Hunter wrote from California:
In the fifth grade, I had the idea to start a movement with a few other students focusing on both personal and environmental health. We spent the year working and researching with my school’s
principal and a local gardening expert before finally planting a “garden wall” of native vegetation as a way to block off the airport to the north of our school aesthetically, and to show that in spirit our school and community was working toward a healthier place. The plants at this stage didn’t provide an edible option as I had hoped, but I was determined to see that part of my dream come true. Though I graduated and went to middle school, I felt the project had room to grow into a movement.
I came back as a Peer Assistance mentor and worked with the Green Team’s
next incarnation and in classrooms with students. What started as the garden wall grew into the idea for an on campus garden, dubbed the Cougar Patch, as a way to help the entire campus community get involved in the spirit of healthful eating and environmental awareness. The garden got backing from the school district after testimony from me and other stakeholders in the program, and it started scaling up from there. Once the teachers saw how students across so many age groups were engaged by
the program, it quickly spread to all the other schools in our district. I still stop by to work in the gardens and have seen first hand how excited the students are during community garden days, as it has truly become part of the campus and its culture.
The programs focused on healthy eating put the founding ideas of my team
into action with the garden’s first harvest. It was determined the harvest from the schools garden could be used in healthy eating lessons for the students. Each class picks some of the harvest together, and then a teacher or parent volunteer prepares a dish with their pickings and serves it to
the students. While preparing the food and eating it, they discuss the benefits of vegetarian options, healthy eating, and fresh food. Since everyone had put so much work into raising the crops
in the garden, you never would have seen a bunch of kids more excited about eating their vegetables.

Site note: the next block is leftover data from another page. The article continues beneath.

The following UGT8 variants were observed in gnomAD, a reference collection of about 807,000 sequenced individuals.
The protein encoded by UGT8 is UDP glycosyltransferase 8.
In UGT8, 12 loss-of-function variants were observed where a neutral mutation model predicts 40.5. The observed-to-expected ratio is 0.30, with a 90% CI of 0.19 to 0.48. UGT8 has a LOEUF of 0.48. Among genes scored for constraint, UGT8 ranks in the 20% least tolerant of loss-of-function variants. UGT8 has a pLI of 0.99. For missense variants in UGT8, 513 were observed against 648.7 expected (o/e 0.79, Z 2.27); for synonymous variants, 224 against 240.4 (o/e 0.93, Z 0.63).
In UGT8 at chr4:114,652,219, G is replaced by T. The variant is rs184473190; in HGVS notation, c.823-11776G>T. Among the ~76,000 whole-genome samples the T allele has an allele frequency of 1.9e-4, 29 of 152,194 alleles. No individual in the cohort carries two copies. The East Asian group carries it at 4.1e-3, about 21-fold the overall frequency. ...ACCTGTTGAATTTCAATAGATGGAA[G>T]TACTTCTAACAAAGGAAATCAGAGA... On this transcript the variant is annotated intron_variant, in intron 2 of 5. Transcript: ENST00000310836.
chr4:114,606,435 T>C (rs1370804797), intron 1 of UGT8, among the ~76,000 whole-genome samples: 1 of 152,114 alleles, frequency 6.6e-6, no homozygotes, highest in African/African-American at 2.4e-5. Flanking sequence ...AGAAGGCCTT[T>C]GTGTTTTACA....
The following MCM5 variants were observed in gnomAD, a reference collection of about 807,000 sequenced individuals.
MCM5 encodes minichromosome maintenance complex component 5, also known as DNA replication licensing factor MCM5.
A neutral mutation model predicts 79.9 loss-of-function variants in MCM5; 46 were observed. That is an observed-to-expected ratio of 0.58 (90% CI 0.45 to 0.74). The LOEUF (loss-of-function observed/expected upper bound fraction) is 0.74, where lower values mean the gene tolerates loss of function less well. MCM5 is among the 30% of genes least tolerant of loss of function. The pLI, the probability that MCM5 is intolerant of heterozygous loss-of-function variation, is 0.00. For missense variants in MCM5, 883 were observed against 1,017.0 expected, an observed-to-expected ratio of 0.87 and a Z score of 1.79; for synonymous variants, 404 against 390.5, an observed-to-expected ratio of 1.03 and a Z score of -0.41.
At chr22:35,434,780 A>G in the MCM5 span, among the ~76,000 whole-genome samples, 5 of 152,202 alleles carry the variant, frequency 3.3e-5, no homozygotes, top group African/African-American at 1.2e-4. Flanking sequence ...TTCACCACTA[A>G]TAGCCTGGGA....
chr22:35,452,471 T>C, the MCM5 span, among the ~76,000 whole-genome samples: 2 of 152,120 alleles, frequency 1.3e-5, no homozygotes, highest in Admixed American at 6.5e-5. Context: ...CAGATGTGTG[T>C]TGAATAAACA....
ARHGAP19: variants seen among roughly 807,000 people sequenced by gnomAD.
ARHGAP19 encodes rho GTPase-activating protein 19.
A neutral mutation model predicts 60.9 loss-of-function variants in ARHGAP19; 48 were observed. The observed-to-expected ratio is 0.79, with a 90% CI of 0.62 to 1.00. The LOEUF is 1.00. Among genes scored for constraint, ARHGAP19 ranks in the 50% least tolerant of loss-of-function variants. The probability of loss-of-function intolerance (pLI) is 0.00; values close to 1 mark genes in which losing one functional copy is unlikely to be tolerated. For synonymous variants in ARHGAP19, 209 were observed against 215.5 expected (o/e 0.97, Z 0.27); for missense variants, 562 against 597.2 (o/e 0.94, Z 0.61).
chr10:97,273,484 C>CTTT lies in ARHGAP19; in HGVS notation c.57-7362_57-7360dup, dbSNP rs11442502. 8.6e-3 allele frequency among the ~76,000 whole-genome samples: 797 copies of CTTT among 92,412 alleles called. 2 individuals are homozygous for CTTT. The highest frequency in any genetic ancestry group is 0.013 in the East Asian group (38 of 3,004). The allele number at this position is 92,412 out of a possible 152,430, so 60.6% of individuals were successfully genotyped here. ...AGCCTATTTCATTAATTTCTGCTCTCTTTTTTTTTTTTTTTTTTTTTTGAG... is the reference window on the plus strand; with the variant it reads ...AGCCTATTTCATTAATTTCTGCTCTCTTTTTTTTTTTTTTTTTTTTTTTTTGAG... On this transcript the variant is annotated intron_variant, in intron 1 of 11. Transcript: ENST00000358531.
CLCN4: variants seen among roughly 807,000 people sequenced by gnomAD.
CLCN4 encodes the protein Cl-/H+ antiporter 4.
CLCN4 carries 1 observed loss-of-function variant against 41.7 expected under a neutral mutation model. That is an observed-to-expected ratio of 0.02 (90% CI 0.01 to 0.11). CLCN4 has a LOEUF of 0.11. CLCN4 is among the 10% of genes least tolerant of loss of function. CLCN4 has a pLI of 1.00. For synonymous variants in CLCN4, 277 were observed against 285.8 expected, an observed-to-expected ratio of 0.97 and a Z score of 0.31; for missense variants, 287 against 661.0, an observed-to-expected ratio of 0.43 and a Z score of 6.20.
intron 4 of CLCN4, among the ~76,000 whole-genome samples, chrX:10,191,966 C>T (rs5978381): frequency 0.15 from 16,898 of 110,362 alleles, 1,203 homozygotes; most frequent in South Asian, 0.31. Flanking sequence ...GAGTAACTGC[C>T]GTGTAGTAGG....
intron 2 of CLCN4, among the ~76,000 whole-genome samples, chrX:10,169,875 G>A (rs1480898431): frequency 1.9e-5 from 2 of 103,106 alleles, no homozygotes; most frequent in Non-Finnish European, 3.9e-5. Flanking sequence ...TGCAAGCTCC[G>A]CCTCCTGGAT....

I am still involved in the programs across the district, though my
involvement varies by program and time of year. For example during the high school’s Grades of Green campaign, I was involved at all the school sites as I tried to bring our composting programs together with those of all the school sites to prepare for a presentation to our city counsel.
I am also heavily involved around Health Fair time each year, when I try to assess what each school is doing and how they compare to the city’s Wellness Day programs. All in all though, the community garden is still my baby. It provides the most engaging long term education and direct
access to healthy, vegetarian foods of any of the activities. I am the most passionate and inspired by those efforts and how they have allowed me to start a movement that spread across my district and community.
Hunter also worked to add vegetarian options at school events in high school. He reports:
The veggie options at school events have been varied depending on the type and size of event. A few examples are at our football snack bar where I implemented veggie patties for hamburgers, vegetarian noodles, and meatless burritos on Mexican nights onto our menu. The football items sold very well, as vegetarianism is a growing movement in my town, and the students and parents alike were excited to have an option to fit their diets. At our Student Government Mixers I made sure that meatless pasta, pizza, or stir-fry (depending on the theme of the evening) was available. It was also important to me to set aside specific vegetarian plates so that regardless of when people got up to get their food, there was still food available they could eat because unfortunately (or fortunately, depending on how you look at it) sometimes people who were not strict vegetarians would eat all of the meatless options early, leaving the vegetarians without food. I also implemented veggie options at our campus dances. At our prom, a vegetarian lasagna was offered and one of the first items to run out, which I believe showed that with an open mind even people who don’t
follow the vegetarian lifestyle can still enjoy the food.
Hunter is working with the The Salad Creations program, which currently
is still in a pilot phase. The company, which focuses on fresh products
and customizable salads, had the option where teachers could drop off
orders ahead of time and the cafeteria could get the salads to them by
My role has really been as an advocate for keeping the program
as a full fledged service and opening it up to a wider audience. While I
know it would be harder to scale up to availability to the entire school
population, I have held my stance that the added options for vegetarians
and non-vegetarians alike who are searching for healthier foods at
school are worth the effort.
In 5 years, I hope to be in Medical School, hopefully
finding a program that allows me to explore my interests in human
health, nutrition, and environmental health as well. This plan for my
future also related to the story of how I became a vegetarian, because
both of my passions stem from an illness … When I was diagnosed with a
rare, chronic disease, I began to look into ways to make my body
healthier. After fully grasping the benefits it could have on my health
while allowing me to take a stand on issues I felt so strongly about, I
finally made the personal commitment to vegetarianism. My health has
never been better and I feel great emotionally knowing that fewer
animals are dying and fewer forest are being clear cut due to my decision.
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